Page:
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Entertainment Industry Casting Attractive Psychopaths Problems

Entertainment Industry Casting Attractive Psychopaths Problems

happy valley s3, 29 01 2023, 5, tommy lee royce james norton, lookout, matt square

Happy Valley and the glorification of violencehearst banner

The country has been drawn to Happy Valley — and understandably so. From the launch of the BBC drama in 2014 to last night’s tense finale, the performances are captivating, with Sarah Lancashire’s brilliant (albeit mostly devastating) portrayal of Catherine Cawood ). Opposite Lancashire is James Norton – the charismatic actor best known for playing the charming priest in Grantchester and often considered a contender for the next 007; chiseled jaw, sharp eyes, thick hair. Here, of course, he’s playing killer Tommy Lee Royce, but what’s not to like?

This is where the problem lies. That matters because there are so many true-crime victims out there who watch dramas centered on psychopaths, in a production that brought in record ratings (11 million people watched the first installment of the final series), It’s devastating for them. plot, so far). The last thing any of us want is for the media to fabricate violence and sexual assault as exciting or exciting, leading to an increase in these crimes in our culture.

This is far from the first time a casting director has chosen a handsome actor with a romantic lead to suddenly portray a violent criminal. We’ve already seen Kurt Russell in Tarantino’s “Death Proof,” Jamie Dornan in “The Fall,” and perhaps even less likely to see Zac Efron playing America. Serial killer Ted Bundy. All of these actors give great performances, but they all raise a troubling question: Should we, as viewers, find serial killers attractive?

Part of the problem is that audiences have a hard time separating their feelings (admiration, affection, even desire) for roles played by well-known actors from their new ones. Jamie Dornan is a prime example of this. From Christian Gray in “Fifty Shades of Grey” to Paul Spector in “The Fall,” it’s almost impossible for viewers to take the leap without getting confused. So, can casting directors simply use lesser-known actors for key roles when delving into such dark subject matter? The economics of entertainment usually call for “big names” to guarantee high ratings. More important, though, is completing the briefing. Some roles just need an actor with good looks and charisma to play them. So what is the knock-on effect? Do film and TV production houses have to pay more attention to the impression they make of characters like Tommy Lee Royce? The answer lies in questions of delineation and intent.

happy valley s3, 29 01 2023, 5, tommy lee royce james norton sarogy Matthew zayak, lookout point, matt squire

James Norton as Tommy Lee Royce in Happy Valleybbc

Happy Valley never shies away from the worst of the genre. There is plenty of violence and emotional content in Sally Wainwright’s storytelling, ranging from general violence and suicide to murder and sexual assault. The cleverness here is that the production manages to make us feel like we’ve seen it all without putting the worst parts on screen. The producers stepped a fine line and made it work. Even the harshest critics can’t complain that the subject itself has any charm. Even with some humorous and poignant moments of interaction, the overall tone is painstakingly grim.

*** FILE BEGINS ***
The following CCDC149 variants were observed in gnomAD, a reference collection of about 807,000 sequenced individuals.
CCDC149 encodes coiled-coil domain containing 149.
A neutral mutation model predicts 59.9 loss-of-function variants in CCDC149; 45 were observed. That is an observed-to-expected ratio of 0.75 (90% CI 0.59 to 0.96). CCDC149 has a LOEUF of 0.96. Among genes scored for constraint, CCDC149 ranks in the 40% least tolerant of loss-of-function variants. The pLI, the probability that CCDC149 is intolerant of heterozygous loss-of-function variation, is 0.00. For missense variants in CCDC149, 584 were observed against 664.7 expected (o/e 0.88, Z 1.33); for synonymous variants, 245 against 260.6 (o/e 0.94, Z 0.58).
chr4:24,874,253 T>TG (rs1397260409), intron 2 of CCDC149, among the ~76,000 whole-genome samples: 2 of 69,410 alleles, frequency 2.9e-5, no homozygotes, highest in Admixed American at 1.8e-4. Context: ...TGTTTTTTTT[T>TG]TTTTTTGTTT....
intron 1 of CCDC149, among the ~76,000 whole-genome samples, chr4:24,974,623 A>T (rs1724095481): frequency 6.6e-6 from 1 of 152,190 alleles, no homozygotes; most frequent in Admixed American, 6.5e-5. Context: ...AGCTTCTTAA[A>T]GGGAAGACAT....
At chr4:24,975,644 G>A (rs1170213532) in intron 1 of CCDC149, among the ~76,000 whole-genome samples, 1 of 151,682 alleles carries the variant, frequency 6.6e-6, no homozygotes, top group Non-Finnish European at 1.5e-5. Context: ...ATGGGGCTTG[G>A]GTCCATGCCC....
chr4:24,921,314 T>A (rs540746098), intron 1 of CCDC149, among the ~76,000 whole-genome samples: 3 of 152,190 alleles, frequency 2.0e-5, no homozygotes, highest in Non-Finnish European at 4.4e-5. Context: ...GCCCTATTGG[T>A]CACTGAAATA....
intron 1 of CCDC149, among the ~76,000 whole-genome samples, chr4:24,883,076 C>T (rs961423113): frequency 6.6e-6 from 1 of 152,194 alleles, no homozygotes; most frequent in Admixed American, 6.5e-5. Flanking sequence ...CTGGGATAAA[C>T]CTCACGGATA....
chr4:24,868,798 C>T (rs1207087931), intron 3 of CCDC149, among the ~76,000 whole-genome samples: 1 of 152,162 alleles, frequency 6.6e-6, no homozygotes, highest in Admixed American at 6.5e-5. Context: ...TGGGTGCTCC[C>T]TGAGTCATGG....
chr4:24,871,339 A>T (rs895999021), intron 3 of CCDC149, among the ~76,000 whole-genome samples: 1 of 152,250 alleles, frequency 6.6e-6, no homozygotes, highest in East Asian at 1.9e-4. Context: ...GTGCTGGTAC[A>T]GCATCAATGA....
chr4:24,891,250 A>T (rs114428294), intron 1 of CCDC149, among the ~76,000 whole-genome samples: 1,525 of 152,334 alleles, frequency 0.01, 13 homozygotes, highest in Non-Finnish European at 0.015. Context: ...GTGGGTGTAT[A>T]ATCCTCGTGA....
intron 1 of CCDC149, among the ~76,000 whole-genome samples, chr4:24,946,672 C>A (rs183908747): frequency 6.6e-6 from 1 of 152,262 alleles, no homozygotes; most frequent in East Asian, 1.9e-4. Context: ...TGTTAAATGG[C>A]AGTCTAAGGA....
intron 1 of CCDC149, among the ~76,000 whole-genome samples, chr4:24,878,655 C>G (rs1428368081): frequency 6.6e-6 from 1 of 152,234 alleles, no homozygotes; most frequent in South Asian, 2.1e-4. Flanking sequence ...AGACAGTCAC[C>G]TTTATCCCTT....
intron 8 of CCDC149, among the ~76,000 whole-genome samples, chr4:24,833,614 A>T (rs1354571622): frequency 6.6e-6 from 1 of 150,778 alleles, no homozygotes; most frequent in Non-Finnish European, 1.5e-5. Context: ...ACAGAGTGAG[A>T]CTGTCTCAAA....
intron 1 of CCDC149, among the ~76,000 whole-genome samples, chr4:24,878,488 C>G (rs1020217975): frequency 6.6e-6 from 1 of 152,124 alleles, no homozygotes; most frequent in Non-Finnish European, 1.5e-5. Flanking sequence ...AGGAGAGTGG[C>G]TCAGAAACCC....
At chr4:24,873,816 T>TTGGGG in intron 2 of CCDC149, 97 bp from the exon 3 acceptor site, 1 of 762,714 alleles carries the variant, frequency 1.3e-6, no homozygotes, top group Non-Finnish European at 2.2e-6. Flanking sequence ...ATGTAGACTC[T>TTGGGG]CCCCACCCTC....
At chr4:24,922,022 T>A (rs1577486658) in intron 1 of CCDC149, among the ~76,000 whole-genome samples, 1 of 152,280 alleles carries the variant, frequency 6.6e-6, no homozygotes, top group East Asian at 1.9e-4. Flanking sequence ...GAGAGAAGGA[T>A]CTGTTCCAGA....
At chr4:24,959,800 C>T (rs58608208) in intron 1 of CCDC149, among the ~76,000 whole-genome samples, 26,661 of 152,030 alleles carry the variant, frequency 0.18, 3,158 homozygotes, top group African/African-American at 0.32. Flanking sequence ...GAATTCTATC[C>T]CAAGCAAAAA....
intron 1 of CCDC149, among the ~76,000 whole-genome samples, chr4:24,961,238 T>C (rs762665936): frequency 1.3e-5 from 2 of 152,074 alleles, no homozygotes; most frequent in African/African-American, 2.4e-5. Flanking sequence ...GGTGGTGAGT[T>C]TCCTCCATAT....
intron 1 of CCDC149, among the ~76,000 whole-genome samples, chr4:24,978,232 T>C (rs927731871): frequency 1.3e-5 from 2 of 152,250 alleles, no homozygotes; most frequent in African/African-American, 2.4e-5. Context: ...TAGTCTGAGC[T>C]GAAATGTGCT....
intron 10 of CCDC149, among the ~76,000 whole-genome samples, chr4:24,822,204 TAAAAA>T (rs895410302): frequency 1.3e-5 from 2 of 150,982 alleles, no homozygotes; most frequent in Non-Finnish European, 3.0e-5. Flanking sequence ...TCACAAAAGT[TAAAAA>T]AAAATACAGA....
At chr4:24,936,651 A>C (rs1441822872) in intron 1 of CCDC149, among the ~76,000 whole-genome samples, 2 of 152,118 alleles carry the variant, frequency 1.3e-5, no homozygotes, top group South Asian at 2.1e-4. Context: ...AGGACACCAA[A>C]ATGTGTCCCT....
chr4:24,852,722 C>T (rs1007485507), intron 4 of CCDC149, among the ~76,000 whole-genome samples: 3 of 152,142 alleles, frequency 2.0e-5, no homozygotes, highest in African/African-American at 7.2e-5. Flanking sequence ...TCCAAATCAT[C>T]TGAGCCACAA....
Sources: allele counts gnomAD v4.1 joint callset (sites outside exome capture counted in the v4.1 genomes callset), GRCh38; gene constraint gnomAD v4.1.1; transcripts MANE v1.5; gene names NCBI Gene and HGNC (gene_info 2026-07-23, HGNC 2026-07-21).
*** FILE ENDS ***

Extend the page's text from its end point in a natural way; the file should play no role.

As for the Tommy Lee Royce character, either in the novel or in real life, it’s impossible to expect that there will never be a good-looking psychopath. That’s part of what triggers hybridism — a strong attraction to convicted criminals. For example, Ted Bundy has a large and passionate female following. At this point, in Happy Valley, art just imitates real life, played well by James Norton.

Happy Valley s3,29 01 2023,5,catherine cawood sarah lancashire,lookout point,matt squire

Sarah Lancashire as Kathleen Kenwood in “Happy Valley”bbc

But serial killers aren’t glorified just because audiences find actors physically attractive—composition, storytelling, and character development all play a vital role. It’s hard to watch The Silence of the Lambs without hoping that Dr. Hannibal Lecter will eventually escape despite his truly horrific crimes. Sometimes it’s about giving psychopaths a sympathetic edge, an innate intelligence, or a sense of humor. These things are critical when building three-dimensional characters, and without that layering and nuance, most crime dramas and thrillers would fall flat.

The key to avoiding portraying a serial killer, or any character doing horrible things, as attractive or compelling is how the rest of the script unfolds. Striking this balance requires following three simple rules: their crimes should never be forgiven or mitigated; The point is, serial killers should never live happily ever after.

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